“But the LORD said to Samuel, “Do not look on his appearance or on the height of his stature, because I have rejected him. For the LORD sees not as man sees: man looks on the outward appearance, but the LORD looks on the heart.”  (Samuel 16:7)

He sees you, friend. Not for all that you believe are your failures, insecurities, or ineptitude…but for the forgiven, regenerate, and transformed he’s bringing about in you.

We don’t have to be quitters because our perfection is not what’s keeping us abiding in Him or doing what He’s called us to do. We add nothing to His perfect atonement…He is faithful. All we add is praise. That’s enough for me to press on today. 

Perhaps you need to be brave today, and just take the first step? Friends, He is faithful for your brave.

The Christian ideal has not been tried and found wanting. It has been found difficult; and left untried.

— G.K. Chesterton

Pressing on in faith and not fear.

Because of grace,

I’m so honored that you are here. If you enjoy this blog and would like new posts to come directly to your inbox, I invite you to subscribe to GraceLaced by email.

The Futility of Stapling Fruit

Up until a few months ago, I had a dead potted Meyer Lemon tree sitting near a sunny window in my house. It was a Mother’s Day gift from my guys, and after all my efforts to be a conscientious potted citrus parent, the beautiful and fragrant tree just didn’t make it. For months I convinced myself that the plant was merely resting, and that it would return to its full glory. It didn’t. It’s waxy leaves all fell off and the ends of its branches were brittle. How I wished it could have just continued to look pretty on the outside! But, the plump little lemons also fell off one by one…because something was not right inside the tree.

Paul Tripp gives an illustration in his book, Instrument In The Redeemer’s Hands, in which he likens our pursuit of change in our own lives and in the lives of others, as unto heart change–at the root of our lives–not simply artificially produced fruit for appearance sake:

“…If a tree produces bad apples year after year, there is something drastically wrong with its system, down to its very roots. I won’t solve the problem by stapling new apples onto the branches. They also will rot because they are not attached to a life-giving root system. And next spring, I will have the same problem again. I will not see a new crop of healthy apples because my solution has not gone to the heart of the problem. If the tree’s roots remain unchanged, it will never produce good apples.”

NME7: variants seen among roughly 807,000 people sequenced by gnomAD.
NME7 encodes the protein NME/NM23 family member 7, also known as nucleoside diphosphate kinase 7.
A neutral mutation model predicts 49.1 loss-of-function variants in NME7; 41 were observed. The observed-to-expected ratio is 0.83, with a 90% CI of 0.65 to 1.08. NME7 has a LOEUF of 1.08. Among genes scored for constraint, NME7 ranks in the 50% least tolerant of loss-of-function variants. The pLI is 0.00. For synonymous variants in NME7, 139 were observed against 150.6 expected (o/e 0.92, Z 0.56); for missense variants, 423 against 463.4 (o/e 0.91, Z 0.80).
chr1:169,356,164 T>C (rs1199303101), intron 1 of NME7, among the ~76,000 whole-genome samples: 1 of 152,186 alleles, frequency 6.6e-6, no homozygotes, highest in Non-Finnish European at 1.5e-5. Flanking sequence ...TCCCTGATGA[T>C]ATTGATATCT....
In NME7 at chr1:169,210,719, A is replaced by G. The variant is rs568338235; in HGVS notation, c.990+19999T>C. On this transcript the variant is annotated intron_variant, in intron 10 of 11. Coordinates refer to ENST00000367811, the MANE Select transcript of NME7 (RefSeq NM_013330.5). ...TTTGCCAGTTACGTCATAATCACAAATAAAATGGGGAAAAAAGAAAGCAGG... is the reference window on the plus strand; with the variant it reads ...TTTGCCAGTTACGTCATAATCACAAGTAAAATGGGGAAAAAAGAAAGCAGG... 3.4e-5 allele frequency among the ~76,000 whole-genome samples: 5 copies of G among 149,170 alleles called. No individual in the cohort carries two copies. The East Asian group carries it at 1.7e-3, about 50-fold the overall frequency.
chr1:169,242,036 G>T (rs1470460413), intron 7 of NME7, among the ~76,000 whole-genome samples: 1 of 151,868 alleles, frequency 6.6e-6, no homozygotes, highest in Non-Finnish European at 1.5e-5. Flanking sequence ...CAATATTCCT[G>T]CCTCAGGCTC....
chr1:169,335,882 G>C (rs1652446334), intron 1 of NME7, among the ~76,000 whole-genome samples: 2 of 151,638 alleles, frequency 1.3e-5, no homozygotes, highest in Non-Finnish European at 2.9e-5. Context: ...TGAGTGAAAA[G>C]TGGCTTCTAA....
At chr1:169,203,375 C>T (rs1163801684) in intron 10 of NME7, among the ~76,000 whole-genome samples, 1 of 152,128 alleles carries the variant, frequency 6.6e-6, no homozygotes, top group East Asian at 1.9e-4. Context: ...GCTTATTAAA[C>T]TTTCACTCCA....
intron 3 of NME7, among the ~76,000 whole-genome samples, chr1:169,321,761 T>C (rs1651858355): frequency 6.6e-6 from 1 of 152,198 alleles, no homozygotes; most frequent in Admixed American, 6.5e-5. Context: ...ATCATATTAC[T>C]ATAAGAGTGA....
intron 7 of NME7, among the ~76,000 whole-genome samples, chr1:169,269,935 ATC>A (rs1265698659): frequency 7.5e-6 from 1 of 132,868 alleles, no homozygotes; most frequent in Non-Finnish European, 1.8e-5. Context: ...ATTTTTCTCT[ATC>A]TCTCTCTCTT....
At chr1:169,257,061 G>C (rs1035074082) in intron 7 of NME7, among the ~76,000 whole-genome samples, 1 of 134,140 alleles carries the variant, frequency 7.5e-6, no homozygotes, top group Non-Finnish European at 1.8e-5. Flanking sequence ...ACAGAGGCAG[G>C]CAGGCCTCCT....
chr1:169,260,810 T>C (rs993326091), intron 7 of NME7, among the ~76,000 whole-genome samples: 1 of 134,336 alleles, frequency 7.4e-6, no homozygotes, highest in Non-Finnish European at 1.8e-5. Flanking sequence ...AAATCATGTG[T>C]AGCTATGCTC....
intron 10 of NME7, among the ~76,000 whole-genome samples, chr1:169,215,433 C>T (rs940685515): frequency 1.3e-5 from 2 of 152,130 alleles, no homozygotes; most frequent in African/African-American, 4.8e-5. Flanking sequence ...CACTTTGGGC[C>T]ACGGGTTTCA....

Perhaps one of the greatest hindrances to our growth in Christ is oftentimes our own ability to counterfeit fruit:

1) Maybe we are impatient with the work it takes to change, so we speed things along by looking looking or acting the part.

2) Maybe we are too prideful to deal with the sin in our own lives, so we conceal and obscure with shiny and appealing personality traits.

3) Maybe it’s hard for us to receive grace, so we try and earn our way to leafy verdant branches.

4) Maybe the thought of being a dead or “almost dead” tree is too embarrassing, so we’ve learned subtle ways to staple fresh fruit to lifeless limbs.

And when we do so, the fruit NEVER LASTS. The only two places we end up are either discouragement (giving up) or guilt (trying harder.) Either way, without healthy and life-receiving roots at the heart, we will simply never know the freedom that abiding in Christ brings.

Abide in me, and I in you. As the branch cannot bear fruit by itself, unless it abides in the vine, neither can you, unless you abide in me.” (John 15:4)